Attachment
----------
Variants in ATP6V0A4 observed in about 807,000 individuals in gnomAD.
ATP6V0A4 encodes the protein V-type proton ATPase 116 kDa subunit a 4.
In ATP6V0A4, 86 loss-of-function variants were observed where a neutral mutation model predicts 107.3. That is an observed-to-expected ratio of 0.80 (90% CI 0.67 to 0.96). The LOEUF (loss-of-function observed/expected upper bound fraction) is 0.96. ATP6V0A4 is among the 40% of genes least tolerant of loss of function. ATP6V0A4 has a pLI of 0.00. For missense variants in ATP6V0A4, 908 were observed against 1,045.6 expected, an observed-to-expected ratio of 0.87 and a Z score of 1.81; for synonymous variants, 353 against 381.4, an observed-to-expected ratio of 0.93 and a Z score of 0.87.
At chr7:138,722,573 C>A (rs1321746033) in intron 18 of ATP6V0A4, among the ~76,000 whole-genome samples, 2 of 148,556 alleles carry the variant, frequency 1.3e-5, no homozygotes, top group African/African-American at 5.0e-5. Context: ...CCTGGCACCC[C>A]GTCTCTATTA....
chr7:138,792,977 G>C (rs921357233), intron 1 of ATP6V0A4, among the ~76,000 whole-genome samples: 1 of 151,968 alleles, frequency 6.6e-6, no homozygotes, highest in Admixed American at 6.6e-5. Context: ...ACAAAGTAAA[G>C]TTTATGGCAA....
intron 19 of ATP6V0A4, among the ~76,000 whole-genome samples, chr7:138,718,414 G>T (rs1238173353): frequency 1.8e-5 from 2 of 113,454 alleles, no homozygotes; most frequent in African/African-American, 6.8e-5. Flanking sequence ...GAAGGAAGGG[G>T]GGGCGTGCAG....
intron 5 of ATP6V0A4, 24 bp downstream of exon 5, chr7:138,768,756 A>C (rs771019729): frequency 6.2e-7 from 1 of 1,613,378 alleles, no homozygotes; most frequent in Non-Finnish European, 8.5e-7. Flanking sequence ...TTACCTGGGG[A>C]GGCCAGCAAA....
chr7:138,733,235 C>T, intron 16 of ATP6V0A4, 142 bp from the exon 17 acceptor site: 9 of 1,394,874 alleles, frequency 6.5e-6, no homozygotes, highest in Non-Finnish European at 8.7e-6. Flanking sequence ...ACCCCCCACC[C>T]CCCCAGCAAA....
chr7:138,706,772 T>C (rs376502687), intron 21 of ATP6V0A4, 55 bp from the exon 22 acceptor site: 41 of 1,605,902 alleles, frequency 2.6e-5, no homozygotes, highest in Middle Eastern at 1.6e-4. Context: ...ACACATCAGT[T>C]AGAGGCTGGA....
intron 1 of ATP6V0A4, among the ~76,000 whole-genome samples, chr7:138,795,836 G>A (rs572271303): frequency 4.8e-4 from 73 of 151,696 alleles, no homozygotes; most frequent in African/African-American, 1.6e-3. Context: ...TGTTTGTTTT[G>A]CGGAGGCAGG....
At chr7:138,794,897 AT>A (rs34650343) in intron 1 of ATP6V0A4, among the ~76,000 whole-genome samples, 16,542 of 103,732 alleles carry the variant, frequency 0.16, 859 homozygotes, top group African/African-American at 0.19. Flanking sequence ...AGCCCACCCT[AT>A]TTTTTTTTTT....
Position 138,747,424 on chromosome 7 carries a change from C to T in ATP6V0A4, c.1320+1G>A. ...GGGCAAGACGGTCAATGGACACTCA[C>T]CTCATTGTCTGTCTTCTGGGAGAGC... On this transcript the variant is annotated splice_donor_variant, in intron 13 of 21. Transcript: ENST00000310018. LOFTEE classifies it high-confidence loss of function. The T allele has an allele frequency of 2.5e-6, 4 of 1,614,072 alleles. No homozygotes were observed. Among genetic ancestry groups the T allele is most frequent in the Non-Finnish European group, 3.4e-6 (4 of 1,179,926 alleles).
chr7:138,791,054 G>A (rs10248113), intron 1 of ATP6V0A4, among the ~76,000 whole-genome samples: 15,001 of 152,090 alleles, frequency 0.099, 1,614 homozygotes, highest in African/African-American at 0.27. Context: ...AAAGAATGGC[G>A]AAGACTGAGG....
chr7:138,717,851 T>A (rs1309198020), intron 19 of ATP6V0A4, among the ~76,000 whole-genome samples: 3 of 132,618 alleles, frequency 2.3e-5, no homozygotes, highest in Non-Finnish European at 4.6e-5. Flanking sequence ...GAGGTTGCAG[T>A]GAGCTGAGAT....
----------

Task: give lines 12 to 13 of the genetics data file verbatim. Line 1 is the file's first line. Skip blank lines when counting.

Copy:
Position 138,747,424 on chromosome 7 carries a change from C to T in ATP6V0A4, c.1320+1G>A. ...GGGCAAGACGGTCAATGGACACTCA[C>T]CTCATTGTCTGTCTTCTGGGAGAGC... On this transcript the variant is annotated splice_donor_variant, in intron 13 of 21. Transcript: ENST00000310018. LOFTEE classifies it high-confidence loss of function. The T allele has an allele frequency of 2.5e-6, 4 of 1,614,072 alleles. No homozygotes were observed. Among genetic ancestry groups the T allele is most frequent in the Non-Finnish European group, 3.4e-6 (4 of 1,179,926 alleles).
chr7:138,791,054 G>A (rs10248113), intron 1 of ATP6V0A4, among the ~76,000 whole-genome samples: 15,001 of 152,090 alleles, frequency 0.099, 1,614 homozygotes, highest in African/African-American at 0.27. Context: ...AAAGAATGGC[G>A]AAGACTGAGG....